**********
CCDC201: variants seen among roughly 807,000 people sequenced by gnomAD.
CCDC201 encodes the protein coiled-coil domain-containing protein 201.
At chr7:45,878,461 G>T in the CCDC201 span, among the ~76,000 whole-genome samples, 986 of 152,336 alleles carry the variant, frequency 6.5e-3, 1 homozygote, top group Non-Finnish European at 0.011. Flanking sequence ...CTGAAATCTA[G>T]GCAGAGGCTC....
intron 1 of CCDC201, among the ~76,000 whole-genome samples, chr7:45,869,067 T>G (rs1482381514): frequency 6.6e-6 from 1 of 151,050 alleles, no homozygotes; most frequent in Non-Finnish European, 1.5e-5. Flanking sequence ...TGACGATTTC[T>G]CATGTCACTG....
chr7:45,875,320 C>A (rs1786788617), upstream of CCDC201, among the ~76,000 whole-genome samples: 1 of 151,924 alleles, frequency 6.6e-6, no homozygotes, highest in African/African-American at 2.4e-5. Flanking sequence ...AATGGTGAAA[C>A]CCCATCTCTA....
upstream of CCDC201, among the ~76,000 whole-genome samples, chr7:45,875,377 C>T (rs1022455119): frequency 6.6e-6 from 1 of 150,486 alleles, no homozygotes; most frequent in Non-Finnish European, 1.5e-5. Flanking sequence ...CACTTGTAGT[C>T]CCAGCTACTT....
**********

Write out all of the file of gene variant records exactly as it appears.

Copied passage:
CCDC201: variants seen among roughly 807,000 people sequenced by gnomAD.
CCDC201 encodes the protein coiled-coil domain-containing protein 201.
At chr7:45,878,461 G>T in the CCDC201 span, among the ~76,000 whole-genome samples, 986 of 152,336 alleles carry the variant, frequency 6.5e-3, 1 homozygote, top group Non-Finnish European at 0.011. Flanking sequence ...CTGAAATCTA[G>T]GCAGAGGCTC....
intron 1 of CCDC201, among the ~76,000 whole-genome samples, chr7:45,869,067 T>G (rs1482381514): frequency 6.6e-6 from 1 of 151,050 alleles, no homozygotes; most frequent in Non-Finnish European, 1.5e-5. Flanking sequence ...TGACGATTTC[T>G]CATGTCACTG....
chr7:45,875,320 C>A (rs1786788617), upstream of CCDC201, among the ~76,000 whole-genome samples: 1 of 151,924 alleles, frequency 6.6e-6, no homozygotes, highest in African/African-American at 2.4e-5. Flanking sequence ...AATGGTGAAA[C>A]CCCATCTCTA....
upstream of CCDC201, among the ~76,000 whole-genome samples, chr7:45,875,377 C>T (rs1022455119): frequency 6.6e-6 from 1 of 150,486 alleles, no homozygotes; most frequent in Non-Finnish European, 1.5e-5. Flanking sequence ...CACTTGTAGT[C>T]CCAGCTACTT....